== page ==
determining whether a space character is to be included in each inter-character space based on the determined spacing amount of each inter-character space and the acquired space character width information; an
inserting a space character code into an inter-character space in which a space character is determined to be included,
wherein, when the extracted character string is determined to be the heading, the acquired space character width information is corrected in the inserting step, and it is determined in the inserting step whether the space character is to be included in each inter-character space based on the spacing amount of each inter-character space and the corrected space character width information, and the space character code is inserted into the inter-character space in which the space character is determined to be included.
Description
BACKGROUND OF THE INVENTION

1. Field of the Invention

The present invention relates to a document processing method and a document processing apparatus, and more particularly to a document processing method and a document processing apparatus for extracting a character string from a document including document layout information.

2. Description of the Related Art

Conventional methods may be used to search a document for a character string by extracting a character string included in the document and determining whether the character string includes a search key. For example, in a general searching method, it is determined whether at least apart of the extracted character string includes a search key (hereinafter referred to as a “normal search”). Specific search examples include an “exact word-match search” for searching for a full-matched word and a “phrase search” for searching for a phrase including a plurality of words including a space or spaces.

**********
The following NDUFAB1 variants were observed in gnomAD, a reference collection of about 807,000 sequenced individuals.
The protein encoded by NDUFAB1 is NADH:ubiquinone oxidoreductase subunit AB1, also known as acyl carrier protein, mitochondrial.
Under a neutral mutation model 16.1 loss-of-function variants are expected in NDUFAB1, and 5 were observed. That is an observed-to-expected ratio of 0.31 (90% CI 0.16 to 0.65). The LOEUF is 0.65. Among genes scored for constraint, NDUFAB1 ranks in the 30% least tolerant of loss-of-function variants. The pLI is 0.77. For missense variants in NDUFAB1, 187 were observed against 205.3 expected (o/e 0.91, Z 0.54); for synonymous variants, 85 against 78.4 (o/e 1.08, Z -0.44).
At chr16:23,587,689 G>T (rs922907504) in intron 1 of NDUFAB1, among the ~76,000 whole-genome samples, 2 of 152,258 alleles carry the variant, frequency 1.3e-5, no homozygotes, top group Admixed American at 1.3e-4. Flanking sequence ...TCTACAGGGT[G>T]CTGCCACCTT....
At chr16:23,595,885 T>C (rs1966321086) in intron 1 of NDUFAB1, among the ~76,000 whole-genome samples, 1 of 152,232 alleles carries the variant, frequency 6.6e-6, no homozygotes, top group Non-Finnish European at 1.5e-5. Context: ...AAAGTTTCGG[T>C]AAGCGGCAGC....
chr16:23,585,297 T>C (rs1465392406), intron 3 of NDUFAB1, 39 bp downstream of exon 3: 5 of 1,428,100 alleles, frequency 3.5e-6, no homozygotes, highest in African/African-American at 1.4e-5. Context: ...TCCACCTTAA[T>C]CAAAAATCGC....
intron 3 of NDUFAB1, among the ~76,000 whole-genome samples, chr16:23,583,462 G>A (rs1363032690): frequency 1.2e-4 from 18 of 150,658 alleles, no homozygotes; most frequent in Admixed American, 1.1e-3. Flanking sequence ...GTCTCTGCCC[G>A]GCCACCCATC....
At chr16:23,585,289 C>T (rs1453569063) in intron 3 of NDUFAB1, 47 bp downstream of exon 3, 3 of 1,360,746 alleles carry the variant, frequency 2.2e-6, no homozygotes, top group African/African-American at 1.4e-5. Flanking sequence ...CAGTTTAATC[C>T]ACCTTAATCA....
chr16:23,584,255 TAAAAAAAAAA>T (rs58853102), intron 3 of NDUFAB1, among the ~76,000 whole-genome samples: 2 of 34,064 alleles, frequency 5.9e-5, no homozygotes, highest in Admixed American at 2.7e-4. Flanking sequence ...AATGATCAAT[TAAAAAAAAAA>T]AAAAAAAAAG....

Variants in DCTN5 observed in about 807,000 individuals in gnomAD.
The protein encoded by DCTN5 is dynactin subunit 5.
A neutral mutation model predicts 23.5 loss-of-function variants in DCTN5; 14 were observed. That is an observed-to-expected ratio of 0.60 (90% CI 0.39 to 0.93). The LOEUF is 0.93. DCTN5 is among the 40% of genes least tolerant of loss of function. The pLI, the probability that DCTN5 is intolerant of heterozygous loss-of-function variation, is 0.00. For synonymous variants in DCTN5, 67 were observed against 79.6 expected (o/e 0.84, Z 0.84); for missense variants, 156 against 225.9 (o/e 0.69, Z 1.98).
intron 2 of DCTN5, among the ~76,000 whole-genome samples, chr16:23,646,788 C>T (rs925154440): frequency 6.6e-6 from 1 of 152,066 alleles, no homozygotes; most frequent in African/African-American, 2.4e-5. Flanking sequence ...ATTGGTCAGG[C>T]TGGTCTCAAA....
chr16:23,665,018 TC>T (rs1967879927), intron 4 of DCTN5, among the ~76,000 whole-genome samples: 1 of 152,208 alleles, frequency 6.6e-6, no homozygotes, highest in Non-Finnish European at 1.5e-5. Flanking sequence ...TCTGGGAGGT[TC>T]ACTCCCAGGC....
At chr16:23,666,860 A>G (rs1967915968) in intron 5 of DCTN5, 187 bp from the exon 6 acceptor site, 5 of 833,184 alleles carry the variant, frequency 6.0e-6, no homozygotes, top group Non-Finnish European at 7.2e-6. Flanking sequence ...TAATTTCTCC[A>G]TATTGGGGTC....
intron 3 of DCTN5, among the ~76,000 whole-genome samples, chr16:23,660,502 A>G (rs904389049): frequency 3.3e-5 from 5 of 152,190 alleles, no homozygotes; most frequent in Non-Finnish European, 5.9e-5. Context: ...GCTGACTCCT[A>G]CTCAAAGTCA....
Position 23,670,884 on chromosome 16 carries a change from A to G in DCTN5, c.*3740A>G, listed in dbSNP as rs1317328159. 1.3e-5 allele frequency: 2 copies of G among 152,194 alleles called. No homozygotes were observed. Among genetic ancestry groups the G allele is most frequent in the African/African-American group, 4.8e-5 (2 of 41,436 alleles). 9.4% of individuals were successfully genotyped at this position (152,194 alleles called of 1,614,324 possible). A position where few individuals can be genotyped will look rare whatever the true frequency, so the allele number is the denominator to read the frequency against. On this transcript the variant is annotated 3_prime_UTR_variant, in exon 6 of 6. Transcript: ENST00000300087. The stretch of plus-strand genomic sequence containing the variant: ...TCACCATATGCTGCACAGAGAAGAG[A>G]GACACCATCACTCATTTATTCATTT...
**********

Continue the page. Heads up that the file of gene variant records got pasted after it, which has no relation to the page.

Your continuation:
For example, if an input search key is “the”, and a character string of “This theory was confirmed.” is extracted from a document, the normal search can find “the” in the “theory” as a hit. However, the exact word-match search cannot find “the” in the “theory” as a hit. On the other hand, if the search key is “theory”, the exact word-match search can find “theory” as a hit because of extracting a word using a space.

Similarly, if an input search key is “thistheory”, and a character string of “This theory was confirmed.” is extracted from a document, the phrase search cannot find any phrase as a hit. However, when a space is inserted into the search key, that is, “this theory” is input, the phrase search can find a search hit.